University of Washington researchers say the massive Western Antarctica ice sheet is collapsing and could eventually raise the world's oceans up to 15 feet, dramatically impacting coastal communities world-wide.
Scientists have warned of the collapse, based on theories, for years. But the study published in the May 16 issue of Science is the first to use detailed topography maps and computer models to determine that thinning and melting is underway and unstoppable.
"What we've been able to show with the model is that it really looks like the thinning we've been observing for the last several years is really indicative of the ongoing collapse of the ice sheet," said lead author Ian Joughin, a glaciologist at the UW's Applied Physics Laboratory.
NASA researchers have reached the same conclusions in a study to be published in Geophysical Research Letters. The study focused on the Thwaites glacier - what researchers call the soft underbelly of the Antarctic ice sheet.
"A large sector of the western Antarctic ice sheet has gone into a state of irreversible retreat. It has passed the point of no return," said Eric Rignot, a glaciologist at Nasa and the University of California, Irvine. "This retreat will have major consequences for sea level rise worldwide."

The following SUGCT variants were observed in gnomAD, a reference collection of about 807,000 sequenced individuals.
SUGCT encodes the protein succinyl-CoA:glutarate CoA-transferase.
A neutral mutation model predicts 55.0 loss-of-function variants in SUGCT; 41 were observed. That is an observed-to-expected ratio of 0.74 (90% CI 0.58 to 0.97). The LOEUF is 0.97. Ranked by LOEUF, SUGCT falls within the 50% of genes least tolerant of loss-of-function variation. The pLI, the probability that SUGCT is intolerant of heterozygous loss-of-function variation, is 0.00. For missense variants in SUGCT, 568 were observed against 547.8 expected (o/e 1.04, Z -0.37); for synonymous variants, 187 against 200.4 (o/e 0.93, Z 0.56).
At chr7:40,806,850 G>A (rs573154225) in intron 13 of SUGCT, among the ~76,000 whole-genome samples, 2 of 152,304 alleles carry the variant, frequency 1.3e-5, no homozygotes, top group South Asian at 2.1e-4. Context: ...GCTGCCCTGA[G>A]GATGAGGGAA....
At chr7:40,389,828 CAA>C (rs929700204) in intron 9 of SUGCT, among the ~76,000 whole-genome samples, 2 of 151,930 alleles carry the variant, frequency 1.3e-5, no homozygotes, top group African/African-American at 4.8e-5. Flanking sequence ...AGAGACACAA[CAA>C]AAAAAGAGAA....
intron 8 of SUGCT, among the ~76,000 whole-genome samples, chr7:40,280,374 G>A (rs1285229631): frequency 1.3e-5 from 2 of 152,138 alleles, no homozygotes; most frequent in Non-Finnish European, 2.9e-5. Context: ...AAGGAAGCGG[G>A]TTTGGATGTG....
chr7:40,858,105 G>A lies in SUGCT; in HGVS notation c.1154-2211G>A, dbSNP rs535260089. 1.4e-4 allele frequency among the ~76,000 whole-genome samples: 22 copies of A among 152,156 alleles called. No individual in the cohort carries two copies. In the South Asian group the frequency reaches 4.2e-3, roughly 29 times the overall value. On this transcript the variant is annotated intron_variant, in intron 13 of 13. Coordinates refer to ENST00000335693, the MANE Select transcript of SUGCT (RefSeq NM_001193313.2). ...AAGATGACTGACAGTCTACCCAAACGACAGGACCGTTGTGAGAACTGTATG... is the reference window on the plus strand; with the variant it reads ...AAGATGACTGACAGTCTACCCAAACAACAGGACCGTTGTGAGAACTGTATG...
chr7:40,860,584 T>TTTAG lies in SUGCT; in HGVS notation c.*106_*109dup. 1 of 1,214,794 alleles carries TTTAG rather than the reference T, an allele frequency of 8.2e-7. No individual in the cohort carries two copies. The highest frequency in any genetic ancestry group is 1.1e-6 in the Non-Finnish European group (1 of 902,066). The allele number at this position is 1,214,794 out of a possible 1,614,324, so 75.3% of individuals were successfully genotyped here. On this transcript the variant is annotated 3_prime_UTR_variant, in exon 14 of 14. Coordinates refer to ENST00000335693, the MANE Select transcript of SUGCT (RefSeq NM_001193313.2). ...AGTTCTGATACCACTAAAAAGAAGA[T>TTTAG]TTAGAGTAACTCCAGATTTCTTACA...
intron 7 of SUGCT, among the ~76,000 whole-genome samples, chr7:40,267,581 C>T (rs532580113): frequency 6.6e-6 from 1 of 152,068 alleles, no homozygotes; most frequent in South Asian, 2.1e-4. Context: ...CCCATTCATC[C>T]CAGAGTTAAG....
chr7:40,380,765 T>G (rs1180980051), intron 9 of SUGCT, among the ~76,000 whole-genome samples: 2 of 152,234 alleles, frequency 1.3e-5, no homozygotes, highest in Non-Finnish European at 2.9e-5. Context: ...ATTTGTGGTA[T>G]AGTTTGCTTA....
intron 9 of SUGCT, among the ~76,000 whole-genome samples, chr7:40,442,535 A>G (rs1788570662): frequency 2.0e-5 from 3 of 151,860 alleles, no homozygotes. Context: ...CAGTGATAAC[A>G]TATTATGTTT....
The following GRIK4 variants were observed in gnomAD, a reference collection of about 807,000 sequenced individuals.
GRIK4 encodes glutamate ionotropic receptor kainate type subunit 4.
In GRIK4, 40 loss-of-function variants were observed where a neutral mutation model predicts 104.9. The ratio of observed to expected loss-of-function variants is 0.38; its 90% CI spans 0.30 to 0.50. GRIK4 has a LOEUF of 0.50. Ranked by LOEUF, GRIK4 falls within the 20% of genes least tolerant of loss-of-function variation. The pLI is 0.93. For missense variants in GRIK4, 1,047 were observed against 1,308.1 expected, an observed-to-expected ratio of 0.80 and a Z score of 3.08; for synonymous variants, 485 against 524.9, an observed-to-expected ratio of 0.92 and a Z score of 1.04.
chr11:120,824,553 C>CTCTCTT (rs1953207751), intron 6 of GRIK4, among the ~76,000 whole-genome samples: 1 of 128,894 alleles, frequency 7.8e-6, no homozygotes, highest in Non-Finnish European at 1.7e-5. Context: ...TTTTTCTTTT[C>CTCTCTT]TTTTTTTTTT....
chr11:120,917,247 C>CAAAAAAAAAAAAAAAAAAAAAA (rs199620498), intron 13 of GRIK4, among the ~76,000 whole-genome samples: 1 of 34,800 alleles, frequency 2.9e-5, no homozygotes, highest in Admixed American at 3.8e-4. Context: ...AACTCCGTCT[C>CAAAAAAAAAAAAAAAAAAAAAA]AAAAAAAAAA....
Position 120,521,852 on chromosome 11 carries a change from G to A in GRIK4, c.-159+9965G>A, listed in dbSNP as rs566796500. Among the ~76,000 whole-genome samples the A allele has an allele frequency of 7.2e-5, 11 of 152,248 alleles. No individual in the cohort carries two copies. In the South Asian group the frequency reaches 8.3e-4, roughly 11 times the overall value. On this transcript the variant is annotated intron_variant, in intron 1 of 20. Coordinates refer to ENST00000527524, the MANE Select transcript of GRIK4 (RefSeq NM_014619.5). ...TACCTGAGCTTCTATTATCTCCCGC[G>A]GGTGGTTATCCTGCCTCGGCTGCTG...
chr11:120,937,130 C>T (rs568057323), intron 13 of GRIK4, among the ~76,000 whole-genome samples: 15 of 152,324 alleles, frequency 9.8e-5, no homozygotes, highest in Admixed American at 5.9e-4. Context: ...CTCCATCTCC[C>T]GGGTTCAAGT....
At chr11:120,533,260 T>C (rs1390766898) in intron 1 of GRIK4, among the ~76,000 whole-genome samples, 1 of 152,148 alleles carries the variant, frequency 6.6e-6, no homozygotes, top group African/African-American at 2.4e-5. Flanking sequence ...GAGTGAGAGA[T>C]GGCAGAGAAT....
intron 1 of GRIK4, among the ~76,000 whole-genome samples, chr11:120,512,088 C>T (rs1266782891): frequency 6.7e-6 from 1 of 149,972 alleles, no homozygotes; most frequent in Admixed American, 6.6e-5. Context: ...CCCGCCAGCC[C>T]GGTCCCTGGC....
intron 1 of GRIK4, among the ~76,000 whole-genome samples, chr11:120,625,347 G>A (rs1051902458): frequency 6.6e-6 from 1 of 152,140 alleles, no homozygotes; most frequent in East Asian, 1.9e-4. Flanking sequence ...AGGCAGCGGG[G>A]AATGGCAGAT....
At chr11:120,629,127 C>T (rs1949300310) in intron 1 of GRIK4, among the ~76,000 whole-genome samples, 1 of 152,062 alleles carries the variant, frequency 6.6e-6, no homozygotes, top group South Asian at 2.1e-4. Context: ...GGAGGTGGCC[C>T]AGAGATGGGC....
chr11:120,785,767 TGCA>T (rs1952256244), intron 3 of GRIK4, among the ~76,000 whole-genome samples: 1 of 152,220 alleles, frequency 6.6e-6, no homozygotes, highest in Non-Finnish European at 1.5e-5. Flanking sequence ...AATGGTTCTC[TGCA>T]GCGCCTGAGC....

While researchers say the collapse of the ice sheet is inevitable, it's not imminent. "All of our simulations show it will retreat at less than a millimeter of sea level rise per year for a couple of hundred years, and then, boom, it just starts to really go," Joughin said.
The rising oceans could have a dramatic impact on both the Washington coast and Puget Sound. The Washington Department of Ecology says with over 2,300 miles of marine coastline, much of Washington's population lives, works, and thrives in coastal areas.
A study by University of Oregon researchers detailing the impacts, said the rising oceans will cause coastal community flooding, erosion and landslides. It will also flood wells and destroy wetlands and estuaries. The rising oceans are also predicted to cause widespread damage to key infrastructure such as Seattle's Alaskan Way seawall and bridges, and displacement of thousands.
Climate change is believed to be the leading cause of the thinning ice sheet, Joughin said. An increase in global emissions could lead to faster melting and collapse. But he says it is difficult to predict any specific timetables.